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Media: Virtual Press Kit

Get Smart Campaign Materials Press Kit

Although this press kit was created in 2003 it is still relevant. You also may want to use the Get Smart About Antibiotics Week Media Tools/online materials (podcasts, e-cards, feature stories, logos) created and available August 2008.

Download Complete 2003 Virtual Press Kit

National media launch: September 2003 (.pdf [2MB, 21 pages]

Download Individual Sections

Table of Contents

Table of Contents [44 KB, 1 page]

This file lists all the items that make up the entire 2003 press kit, which includes the media advisory, press release, campaign partners, speaker biographies, CDC advisory to parents, five hints to understanding antibiotic use, cold and flu consumer FAQs, why cold and flu illnesses don't call for antibiotics, bacteria or virus illness chart, tips for parents about fluid in the middle ear and runny noses, and two print ads.


Media Advisory

Media Advisory [69 KB, 2 pages]

HHS media advisory dated September 2003: Public health partners unveil new campaign to promote awareness of proper antibiotic use.


Press Release

Press Release [47 KB, 1 page]

CDC press release dated September 2003. CDC news conference - Antibotic resistance. Includes discussion with then Dr. Richard Besser, MD, Medical Director, Get Smart: Know When Antibiotics Work campaign...


Campaign Partners

Campaign Partners [83 KB, 2 pages]

Lists the 2003 campaign partners [Food and Drug Administration (FDA), American Academy of Family Physicians (AAFP), American Academy of Pediatrics (AAP), Alliance for the Prudent Use of Antibiotics (APUA), American Medical Association (AMA), and the Council for Affordable Quality Healthcare (CAQH)].


Speakers Biographies

Speaker Biographies [80 KB, 2 pages]

Includes bios from Dr. Besser, medical director of the Get Smart: Know When Antibiotics Work campaign in 2003; Mr. Pitts, the FDA associate commissioner for External Relations in 2003; Dr. Michael Flemming, 2003 president-elect of the AAFP; and Margaret B Rennels, MD, FAAP, 2003 member of the AAP.


Sniffle Sneeze brochure

Sniffle or Sneeze? No Antibiotics Please [53 KB, 1 page].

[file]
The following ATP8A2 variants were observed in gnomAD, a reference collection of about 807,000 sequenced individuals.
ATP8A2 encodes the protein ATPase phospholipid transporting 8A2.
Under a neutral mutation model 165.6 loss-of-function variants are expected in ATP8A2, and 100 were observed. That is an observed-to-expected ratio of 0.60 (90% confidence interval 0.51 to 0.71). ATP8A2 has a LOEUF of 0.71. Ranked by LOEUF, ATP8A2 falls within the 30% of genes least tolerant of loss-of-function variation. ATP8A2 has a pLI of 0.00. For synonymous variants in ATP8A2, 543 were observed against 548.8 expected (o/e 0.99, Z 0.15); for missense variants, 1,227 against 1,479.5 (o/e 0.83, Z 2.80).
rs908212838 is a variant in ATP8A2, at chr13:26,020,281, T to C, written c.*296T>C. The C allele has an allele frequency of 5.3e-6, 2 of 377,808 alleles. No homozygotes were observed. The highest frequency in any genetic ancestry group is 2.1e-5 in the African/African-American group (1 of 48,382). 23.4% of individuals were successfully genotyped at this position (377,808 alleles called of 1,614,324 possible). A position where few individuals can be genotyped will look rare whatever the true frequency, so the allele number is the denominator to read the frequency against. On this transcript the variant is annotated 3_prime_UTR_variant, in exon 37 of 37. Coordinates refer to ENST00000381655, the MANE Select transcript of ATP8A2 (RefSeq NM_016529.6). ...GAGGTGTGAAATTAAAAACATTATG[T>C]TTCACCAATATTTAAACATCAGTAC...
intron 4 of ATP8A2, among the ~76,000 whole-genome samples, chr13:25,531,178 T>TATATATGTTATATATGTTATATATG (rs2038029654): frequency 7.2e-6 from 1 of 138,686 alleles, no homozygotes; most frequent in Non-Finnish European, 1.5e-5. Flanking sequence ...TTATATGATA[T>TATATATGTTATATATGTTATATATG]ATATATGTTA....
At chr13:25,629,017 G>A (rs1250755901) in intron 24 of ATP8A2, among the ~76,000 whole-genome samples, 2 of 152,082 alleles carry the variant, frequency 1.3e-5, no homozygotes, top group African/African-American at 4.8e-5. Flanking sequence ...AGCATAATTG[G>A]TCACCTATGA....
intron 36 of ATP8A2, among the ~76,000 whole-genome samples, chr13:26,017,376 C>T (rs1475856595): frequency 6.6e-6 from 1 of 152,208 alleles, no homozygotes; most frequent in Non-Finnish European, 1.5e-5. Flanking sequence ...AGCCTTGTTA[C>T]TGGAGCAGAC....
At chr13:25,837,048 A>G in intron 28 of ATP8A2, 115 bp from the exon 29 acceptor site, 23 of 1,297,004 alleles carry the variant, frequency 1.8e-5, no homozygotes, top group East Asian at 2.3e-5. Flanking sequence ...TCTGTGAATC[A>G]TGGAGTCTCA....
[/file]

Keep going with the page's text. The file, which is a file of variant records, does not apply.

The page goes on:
CDC advises parents about cold, flu, and antibiotics. Antibiotics don't work for a cold or the flu because antibiotics kill bacteria, not viruses. And, colds, flu, and most sore throats are caused by viruses.


Antibiotic Usage

A Prescription for Parents: Five Hints to Understanding Antibiotic Usage [92 KB, 1 page]

Unnecessary antibiotics can be harmful to your child. This document tells you what you can do to protect your child from antibiotic-resistant bacteria, what the color change in mucus can mean, when not to get antibiotics for illnesses, and how to know if your child has a viral or a bacterial infection.


Consumer FAQ

Cold and Flu: Consumer FAQs [90 KB, 2 pages]

Answers common questions about colds and the flu. For instance, what kinds of infections are caused by viruses and should not be treated with antibiotics, when to take antibiotics, etc.


Cold and Flu Season

Cold and Flu Season: No Reason for Antibiotics [93 KB, 3 pages]

Explains why antibiotics are not for colds and the flu. It lists the types of germs that cause most infections, that taking antibiotics for viral infections will increase the risk of antibiotic resistance, what you can do for colds and flu, and steps to reduce antibiotic use.


Cold and Flu Season

Bacteria or Virus Illness Chart

Take a look at this chart to find out which upper respiratory infections are usually caused by viruses — germs that are not killed by antibiotics.


Cold and Flu Season

Fluid in the Middle Ear: Tips for Parents [90 KB, 1 page]

A doctor said your child has fluid in the middle ear, also called otitis (oh-TIE-Tus) media with effusion (uh-FEW-zhun) (OME). Fluid usually does not bother children, and it almost always goes away on its own. This does not have to be treated with antibiotics, unless it lasts for a few months. Here are some facts about OME and ear infections.


Cold and Flu Season

A Child's Runny Nose: Tips for Parents [90 KB, 1 page]

Your child has a runny nose. This is a normal part of what happens during the common cold and as it gets better. Here are some facts about colds and runny noses.


Cold and Flu Season

Print Ad - African America [293 KB, 1 page]

Snort. Sniffle. Sneeze. No Antibiotics Please. African American Poster
Size: 8.5" x 11"
Target Audience: Parents of young children and adult consumers ages 18-49 years

This print ad is intended to raise awareness about appropriate antibiotic use for upper respiratory infections in children. It explains that antibiotics are not the best answer for a cold or flu.

Note: This print ad also is available as a 17" X 22" poster.


Cold and Flu Season

Print Ad - Caucasian [292 KB,1 page]

Snort. Sniffle. Sneeze. No Antibiotics Please. Caucasian Poster
Size: 8.5" x 11"
Target Audience: Parents of young children and adult consumers ages 18-49 years

This print ad is intended to raise awareness about appropriate antibiotic use for upper respiratory infections in children. It explains that antibiotics are not the best answer for a cold or flu.

This print ad also is available as a 17" X 22" poster.


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